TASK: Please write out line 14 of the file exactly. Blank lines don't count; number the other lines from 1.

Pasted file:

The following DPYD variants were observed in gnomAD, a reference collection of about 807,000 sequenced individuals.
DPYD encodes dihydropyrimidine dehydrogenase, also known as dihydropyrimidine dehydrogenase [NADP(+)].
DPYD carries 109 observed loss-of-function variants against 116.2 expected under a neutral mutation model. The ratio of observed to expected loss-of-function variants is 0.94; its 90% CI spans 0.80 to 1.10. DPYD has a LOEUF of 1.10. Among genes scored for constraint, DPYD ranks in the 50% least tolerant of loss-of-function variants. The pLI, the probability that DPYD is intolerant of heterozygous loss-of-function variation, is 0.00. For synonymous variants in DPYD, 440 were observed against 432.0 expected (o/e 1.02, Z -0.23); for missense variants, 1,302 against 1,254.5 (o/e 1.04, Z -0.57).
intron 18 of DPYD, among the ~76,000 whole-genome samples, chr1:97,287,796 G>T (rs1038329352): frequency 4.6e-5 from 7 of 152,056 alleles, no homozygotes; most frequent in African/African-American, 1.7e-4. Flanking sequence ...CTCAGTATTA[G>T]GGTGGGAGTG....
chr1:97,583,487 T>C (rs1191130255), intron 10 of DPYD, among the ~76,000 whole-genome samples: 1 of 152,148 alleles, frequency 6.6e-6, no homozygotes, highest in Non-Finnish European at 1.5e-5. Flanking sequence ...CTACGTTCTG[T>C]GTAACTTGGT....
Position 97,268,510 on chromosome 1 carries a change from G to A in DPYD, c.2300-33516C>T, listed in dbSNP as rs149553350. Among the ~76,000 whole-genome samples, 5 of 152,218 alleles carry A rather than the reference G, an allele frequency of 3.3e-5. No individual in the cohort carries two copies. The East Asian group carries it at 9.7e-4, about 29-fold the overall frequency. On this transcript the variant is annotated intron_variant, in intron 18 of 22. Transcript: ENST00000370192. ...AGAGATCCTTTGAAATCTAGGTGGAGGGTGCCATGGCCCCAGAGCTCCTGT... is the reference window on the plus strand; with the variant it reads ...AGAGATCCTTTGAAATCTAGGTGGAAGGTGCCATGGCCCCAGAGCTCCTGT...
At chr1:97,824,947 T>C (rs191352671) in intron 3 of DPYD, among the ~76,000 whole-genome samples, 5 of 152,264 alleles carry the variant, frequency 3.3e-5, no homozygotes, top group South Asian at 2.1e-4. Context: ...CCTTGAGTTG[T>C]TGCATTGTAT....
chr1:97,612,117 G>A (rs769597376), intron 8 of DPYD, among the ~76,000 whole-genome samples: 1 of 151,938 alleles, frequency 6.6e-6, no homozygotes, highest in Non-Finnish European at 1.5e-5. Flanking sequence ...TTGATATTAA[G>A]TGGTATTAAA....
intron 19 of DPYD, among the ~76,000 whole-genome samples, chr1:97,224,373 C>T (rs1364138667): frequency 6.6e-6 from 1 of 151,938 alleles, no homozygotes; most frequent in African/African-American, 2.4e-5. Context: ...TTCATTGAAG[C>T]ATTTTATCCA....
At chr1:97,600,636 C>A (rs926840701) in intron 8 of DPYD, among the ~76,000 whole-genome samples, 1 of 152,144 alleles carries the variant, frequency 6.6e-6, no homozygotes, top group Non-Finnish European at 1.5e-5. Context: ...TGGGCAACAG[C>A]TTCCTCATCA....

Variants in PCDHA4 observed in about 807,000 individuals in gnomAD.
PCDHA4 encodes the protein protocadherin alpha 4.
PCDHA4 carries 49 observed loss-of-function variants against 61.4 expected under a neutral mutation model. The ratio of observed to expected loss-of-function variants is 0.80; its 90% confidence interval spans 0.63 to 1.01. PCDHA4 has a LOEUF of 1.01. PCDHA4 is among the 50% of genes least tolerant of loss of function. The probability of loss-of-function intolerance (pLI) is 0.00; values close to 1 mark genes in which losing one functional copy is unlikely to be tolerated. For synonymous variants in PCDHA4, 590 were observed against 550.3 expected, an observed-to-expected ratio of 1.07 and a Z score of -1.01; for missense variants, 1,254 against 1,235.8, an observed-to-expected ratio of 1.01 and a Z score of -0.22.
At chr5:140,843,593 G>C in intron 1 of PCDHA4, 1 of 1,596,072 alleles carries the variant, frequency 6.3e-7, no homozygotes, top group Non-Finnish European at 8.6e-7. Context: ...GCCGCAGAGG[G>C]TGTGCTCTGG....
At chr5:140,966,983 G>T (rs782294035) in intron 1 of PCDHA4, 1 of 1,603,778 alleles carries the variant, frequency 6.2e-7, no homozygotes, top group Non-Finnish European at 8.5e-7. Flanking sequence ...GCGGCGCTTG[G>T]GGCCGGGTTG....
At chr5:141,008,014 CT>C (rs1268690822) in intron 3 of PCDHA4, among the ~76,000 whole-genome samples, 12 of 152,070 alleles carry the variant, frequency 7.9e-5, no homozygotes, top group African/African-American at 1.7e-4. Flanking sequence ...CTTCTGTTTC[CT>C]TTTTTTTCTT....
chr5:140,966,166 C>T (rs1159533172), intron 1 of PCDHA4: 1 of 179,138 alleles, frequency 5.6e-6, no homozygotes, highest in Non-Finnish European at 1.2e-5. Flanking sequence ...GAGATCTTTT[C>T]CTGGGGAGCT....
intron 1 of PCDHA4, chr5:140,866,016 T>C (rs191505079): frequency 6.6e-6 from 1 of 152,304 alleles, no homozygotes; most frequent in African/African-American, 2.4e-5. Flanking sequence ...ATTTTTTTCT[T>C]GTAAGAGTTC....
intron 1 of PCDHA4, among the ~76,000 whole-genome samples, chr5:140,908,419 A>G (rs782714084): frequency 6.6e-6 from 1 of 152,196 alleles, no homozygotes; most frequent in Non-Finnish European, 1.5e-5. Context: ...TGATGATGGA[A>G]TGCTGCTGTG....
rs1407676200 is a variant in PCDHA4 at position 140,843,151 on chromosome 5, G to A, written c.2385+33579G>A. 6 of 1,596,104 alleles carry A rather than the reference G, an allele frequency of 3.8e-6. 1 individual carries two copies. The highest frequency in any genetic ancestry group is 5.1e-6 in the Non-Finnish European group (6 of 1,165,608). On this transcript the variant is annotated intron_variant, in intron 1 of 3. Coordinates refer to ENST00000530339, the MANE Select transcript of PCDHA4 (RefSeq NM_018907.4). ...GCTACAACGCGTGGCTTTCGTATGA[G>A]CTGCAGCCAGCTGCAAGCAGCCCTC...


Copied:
At chr5:140,843,593 G>C in intron 1 of PCDHA4, 1 of 1,596,072 alleles carries the variant, frequency 6.3e-7, no homozygotes, top group Non-Finnish European at 8.6e-7. Context: ...GCCGCAGAGG[G>C]TGTGCTCTGG....